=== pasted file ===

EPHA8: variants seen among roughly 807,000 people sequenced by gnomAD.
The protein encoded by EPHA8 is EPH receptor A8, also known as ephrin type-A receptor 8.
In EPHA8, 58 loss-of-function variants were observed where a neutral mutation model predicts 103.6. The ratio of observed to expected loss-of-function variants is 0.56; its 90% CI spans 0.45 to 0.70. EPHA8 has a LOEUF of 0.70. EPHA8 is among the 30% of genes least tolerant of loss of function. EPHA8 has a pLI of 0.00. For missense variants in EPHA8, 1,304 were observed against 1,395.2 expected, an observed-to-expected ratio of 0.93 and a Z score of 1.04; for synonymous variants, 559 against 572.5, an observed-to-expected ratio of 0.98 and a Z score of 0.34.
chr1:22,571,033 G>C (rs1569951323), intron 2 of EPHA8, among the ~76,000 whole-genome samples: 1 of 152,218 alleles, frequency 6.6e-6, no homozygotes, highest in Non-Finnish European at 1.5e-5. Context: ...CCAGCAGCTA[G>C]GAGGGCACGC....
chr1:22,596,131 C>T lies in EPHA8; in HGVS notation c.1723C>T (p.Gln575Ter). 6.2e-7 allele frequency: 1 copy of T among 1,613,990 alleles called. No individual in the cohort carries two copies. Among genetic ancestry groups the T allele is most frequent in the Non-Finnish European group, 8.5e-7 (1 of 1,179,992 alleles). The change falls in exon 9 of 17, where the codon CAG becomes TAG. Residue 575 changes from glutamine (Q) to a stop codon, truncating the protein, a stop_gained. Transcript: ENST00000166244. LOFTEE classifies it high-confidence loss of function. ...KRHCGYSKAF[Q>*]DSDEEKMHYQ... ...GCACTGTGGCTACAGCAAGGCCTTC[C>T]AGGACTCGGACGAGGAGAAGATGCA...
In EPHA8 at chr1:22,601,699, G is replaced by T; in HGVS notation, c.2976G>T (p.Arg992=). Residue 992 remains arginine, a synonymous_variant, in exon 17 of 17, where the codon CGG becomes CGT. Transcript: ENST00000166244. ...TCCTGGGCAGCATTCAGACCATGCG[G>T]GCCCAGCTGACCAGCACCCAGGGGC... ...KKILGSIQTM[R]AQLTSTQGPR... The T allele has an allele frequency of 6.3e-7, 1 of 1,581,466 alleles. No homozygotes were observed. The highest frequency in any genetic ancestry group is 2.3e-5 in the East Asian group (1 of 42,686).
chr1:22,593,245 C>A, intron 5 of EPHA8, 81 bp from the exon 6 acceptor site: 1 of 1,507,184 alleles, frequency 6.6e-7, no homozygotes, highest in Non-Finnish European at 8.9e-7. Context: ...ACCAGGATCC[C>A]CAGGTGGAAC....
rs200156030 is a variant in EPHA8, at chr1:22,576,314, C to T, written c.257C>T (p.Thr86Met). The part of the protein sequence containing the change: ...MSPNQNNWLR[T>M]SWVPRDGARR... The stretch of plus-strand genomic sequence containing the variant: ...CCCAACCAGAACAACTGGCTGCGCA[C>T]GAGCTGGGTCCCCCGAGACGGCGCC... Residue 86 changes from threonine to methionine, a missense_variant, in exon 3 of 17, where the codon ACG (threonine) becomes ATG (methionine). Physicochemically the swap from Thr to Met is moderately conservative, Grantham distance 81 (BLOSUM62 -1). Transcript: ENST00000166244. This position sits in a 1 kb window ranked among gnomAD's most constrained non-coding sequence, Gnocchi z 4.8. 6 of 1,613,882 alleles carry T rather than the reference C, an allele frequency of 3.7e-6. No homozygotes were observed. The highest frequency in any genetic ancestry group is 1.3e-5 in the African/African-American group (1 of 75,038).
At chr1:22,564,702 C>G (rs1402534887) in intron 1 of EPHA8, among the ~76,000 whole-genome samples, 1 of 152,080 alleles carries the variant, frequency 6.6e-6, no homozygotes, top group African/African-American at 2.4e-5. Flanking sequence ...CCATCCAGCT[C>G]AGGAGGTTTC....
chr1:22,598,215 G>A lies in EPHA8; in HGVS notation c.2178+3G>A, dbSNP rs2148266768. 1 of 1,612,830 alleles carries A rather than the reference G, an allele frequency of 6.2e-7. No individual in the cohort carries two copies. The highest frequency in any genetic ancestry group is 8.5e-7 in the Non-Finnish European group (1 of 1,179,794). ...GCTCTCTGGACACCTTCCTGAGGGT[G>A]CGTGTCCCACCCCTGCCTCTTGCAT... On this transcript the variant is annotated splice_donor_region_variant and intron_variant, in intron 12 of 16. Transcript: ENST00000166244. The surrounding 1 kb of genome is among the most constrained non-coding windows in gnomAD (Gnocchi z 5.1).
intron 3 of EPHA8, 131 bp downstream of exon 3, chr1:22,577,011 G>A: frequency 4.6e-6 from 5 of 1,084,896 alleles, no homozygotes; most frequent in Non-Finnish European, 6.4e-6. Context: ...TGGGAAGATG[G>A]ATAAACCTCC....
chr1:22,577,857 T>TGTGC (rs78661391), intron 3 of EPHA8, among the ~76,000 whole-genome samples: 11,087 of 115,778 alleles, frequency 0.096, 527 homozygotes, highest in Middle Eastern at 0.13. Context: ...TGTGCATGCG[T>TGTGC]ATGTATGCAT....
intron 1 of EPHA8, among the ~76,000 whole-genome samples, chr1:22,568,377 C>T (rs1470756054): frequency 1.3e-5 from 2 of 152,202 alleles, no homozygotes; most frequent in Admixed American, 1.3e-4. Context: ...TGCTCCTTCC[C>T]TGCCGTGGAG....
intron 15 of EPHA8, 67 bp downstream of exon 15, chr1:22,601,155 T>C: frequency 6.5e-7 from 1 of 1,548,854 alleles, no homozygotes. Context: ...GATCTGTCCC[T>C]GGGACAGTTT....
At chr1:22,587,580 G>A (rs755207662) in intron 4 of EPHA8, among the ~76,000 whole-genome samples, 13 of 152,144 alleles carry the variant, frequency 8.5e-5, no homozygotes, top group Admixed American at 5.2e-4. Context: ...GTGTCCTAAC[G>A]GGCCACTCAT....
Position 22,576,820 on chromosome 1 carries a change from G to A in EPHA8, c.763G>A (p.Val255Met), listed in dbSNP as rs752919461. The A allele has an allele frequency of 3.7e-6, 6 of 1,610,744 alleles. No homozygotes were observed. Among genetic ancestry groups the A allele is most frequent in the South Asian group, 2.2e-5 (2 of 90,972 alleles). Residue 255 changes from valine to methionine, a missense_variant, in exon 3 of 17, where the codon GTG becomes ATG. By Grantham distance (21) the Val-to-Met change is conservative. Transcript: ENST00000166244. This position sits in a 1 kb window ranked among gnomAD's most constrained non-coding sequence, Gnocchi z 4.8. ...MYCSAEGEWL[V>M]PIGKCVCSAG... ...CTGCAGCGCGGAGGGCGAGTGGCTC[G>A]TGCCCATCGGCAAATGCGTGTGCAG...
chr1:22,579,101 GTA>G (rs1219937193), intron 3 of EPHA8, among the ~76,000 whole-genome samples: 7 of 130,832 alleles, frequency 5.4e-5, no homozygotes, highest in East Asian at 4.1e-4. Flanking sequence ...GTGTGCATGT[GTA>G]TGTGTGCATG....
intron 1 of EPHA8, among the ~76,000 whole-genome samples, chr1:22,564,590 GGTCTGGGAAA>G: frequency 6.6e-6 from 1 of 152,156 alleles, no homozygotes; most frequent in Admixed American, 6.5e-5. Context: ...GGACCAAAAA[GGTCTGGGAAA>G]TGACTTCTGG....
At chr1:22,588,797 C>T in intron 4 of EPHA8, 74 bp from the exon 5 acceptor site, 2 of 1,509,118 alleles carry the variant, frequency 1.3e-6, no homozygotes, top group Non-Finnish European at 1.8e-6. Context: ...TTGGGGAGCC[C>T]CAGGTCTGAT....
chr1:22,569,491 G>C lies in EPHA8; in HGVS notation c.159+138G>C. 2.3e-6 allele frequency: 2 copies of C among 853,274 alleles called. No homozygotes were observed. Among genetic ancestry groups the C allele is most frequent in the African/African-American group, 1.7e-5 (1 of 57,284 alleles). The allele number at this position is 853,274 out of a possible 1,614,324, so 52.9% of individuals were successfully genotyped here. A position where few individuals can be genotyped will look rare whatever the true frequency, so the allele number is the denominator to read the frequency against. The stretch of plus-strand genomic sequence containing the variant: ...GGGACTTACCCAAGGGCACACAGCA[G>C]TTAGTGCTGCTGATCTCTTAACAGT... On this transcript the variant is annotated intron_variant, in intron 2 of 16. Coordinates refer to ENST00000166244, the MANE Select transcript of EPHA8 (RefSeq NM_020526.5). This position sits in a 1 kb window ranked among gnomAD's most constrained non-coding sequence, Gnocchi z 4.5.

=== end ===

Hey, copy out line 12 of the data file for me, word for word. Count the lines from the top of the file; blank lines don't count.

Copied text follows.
chr1:22,577,857 T>TGTGC (rs78661391), intron 3 of EPHA8, among the ~76,000 whole-genome samples: 11,087 of 115,778 alleles, frequency 0.096, 527 homozygotes, highest in Middle Eastern at 0.13. Context: ...TGTGCATGCG[T>TGTGC]ATGTATGCAT....